Your stirrups are much too short.
They are pushing you on top of your pony like a pea on top of an elephant.
Lower your stirrups, sink your weight onto your heels, anchor them at the girth. Now that you have a base from which to follow your horse, you can work on the rest of your position. Don't push off your toes. Relax your ankle and allow it to act as a shock absorber.
Allow your horses thrust to close your hip angle. You are extremely ahead of his motion, right out of the saddle as a matter of fact. Don't thrust forward with your seat. Remain in two point on approach, take off and landing. You do nothing. Let your cute pony do his job.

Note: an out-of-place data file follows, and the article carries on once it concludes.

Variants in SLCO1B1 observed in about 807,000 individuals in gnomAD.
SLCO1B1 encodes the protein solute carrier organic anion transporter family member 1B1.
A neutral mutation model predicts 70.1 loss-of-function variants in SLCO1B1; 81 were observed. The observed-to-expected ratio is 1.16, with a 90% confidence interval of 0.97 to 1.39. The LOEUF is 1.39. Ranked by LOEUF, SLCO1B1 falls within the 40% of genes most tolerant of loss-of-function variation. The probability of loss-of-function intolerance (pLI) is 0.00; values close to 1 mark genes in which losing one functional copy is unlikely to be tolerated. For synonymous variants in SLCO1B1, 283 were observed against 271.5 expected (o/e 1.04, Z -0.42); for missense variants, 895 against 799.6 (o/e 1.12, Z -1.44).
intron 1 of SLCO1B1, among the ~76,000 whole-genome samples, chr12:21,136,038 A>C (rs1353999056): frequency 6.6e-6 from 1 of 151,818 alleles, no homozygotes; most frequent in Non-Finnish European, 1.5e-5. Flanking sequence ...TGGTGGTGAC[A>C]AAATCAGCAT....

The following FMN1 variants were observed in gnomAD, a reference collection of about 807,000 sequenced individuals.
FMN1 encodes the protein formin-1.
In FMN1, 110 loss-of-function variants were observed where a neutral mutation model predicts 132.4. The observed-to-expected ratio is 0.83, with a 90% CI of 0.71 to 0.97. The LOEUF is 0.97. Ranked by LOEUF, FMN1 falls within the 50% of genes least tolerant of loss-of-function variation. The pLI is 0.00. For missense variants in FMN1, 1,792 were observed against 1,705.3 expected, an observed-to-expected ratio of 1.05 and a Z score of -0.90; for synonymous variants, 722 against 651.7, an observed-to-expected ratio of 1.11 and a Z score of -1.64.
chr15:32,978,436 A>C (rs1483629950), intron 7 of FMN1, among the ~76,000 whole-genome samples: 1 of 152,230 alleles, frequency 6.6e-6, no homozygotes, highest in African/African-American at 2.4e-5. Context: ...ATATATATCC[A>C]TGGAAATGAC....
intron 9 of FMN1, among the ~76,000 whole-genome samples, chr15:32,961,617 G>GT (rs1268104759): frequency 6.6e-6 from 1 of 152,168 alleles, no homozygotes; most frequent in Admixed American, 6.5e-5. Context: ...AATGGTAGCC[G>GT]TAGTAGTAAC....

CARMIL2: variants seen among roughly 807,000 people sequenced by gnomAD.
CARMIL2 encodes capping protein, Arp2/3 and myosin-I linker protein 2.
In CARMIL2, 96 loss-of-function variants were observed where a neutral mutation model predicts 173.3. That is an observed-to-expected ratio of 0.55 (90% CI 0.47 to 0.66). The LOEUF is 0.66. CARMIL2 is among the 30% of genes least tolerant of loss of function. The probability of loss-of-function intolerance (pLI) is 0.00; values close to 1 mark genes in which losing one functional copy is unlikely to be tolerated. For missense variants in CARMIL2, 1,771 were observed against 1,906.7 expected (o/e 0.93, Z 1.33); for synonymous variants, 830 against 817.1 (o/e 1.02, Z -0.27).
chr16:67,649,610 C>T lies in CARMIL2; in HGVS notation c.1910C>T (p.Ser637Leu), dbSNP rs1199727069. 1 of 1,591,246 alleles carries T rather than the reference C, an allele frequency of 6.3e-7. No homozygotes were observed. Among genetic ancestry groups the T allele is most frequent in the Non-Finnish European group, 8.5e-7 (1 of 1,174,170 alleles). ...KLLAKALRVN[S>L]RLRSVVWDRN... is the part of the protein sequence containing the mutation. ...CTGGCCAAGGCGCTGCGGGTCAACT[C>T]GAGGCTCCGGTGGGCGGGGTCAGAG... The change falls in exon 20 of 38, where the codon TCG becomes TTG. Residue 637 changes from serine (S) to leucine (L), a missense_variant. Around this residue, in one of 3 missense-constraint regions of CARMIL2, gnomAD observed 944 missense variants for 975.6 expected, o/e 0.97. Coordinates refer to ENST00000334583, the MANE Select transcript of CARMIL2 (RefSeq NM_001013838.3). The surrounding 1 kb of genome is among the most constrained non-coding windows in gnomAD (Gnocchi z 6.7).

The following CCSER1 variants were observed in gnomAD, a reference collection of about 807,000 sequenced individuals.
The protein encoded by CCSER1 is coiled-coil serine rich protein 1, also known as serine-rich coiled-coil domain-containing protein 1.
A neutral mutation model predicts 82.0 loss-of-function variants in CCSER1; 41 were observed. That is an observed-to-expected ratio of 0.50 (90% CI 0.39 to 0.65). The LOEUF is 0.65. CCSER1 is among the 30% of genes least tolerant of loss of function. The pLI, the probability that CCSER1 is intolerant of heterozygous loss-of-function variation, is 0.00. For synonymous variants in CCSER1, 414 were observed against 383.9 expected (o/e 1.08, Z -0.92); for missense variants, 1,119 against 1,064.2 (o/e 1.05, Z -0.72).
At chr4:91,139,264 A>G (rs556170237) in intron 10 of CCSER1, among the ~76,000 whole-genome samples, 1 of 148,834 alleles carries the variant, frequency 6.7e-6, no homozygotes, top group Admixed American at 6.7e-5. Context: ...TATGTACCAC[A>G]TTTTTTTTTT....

Because your too short stirrups are taking away your secure base, you are relying on your ponys mouth for support over the fence. Instead of pulling on his mouth to keep yourself from being left behind, press your hands halfway up his neck. This will offer you support as well as giving your pony freedom.
Release with your reins, not with your upper body. Hands go forward. Upper body does not. Your elbows are sticking out because they have no where else to go. You've ducked so close to your ponys neck, and you've brought your hands back so far, that your elbows naturally are squeezed out to the sides.